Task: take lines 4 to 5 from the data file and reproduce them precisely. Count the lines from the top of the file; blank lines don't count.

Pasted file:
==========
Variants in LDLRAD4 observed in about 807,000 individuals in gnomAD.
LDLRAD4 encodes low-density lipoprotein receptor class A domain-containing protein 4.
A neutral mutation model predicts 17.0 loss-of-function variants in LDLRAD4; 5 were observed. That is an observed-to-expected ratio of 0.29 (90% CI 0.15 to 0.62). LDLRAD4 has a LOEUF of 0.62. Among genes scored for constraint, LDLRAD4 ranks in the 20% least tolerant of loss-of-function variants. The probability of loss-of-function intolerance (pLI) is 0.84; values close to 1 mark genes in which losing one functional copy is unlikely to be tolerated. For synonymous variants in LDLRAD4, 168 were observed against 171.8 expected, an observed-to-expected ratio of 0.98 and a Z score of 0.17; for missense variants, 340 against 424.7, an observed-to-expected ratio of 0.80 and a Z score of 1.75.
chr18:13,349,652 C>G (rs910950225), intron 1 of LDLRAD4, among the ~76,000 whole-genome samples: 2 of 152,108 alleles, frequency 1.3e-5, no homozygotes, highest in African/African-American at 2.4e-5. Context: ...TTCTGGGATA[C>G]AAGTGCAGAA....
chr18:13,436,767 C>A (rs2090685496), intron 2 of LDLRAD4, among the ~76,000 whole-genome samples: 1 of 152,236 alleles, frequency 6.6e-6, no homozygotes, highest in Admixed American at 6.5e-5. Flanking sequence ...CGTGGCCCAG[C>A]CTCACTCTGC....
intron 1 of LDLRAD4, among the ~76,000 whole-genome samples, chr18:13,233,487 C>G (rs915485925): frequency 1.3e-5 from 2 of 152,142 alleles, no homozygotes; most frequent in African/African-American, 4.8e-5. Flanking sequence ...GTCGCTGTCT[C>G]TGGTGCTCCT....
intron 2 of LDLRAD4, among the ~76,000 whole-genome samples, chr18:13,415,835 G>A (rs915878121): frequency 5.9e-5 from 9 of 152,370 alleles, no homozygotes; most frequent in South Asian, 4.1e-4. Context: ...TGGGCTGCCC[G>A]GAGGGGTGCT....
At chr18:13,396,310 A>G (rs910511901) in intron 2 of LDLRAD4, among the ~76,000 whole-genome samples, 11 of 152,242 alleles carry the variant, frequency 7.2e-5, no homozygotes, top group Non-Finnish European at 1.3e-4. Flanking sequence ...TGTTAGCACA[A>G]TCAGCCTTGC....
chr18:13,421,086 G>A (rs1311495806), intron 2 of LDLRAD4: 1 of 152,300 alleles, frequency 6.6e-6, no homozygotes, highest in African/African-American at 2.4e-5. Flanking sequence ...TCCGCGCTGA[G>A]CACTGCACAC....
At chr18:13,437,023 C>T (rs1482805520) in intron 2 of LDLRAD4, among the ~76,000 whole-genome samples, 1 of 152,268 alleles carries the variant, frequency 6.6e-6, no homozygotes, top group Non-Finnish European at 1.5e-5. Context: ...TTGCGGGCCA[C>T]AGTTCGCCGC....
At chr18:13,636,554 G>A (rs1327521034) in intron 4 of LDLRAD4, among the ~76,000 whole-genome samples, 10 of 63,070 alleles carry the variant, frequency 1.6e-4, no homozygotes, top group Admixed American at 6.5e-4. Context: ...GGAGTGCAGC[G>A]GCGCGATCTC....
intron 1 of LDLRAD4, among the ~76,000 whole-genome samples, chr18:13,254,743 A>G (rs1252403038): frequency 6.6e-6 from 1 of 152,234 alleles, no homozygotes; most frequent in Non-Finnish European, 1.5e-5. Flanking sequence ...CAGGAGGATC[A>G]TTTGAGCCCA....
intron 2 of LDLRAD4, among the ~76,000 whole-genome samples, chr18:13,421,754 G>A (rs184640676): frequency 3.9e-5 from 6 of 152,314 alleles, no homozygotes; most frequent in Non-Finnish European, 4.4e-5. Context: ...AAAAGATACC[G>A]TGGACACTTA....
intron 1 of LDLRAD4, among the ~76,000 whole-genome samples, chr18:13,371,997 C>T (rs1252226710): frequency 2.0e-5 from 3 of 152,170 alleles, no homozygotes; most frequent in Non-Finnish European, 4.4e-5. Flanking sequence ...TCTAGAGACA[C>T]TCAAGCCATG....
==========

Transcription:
chr18:13,349,652 C>G (rs910950225), intron 1 of LDLRAD4, among the ~76,000 whole-genome samples: 2 of 152,108 alleles, frequency 1.3e-5, no homozygotes, highest in African/African-American at 2.4e-5. Context: ...TTCTGGGATA[C>G]AAGTGCAGAA....
chr18:13,436,767 C>A (rs2090685496), intron 2 of LDLRAD4, among the ~76,000 whole-genome samples: 1 of 152,236 alleles, frequency 6.6e-6, no homozygotes, highest in Admixed American at 6.5e-5. Flanking sequence ...CGTGGCCCAG[C>A]CTCACTCTGC....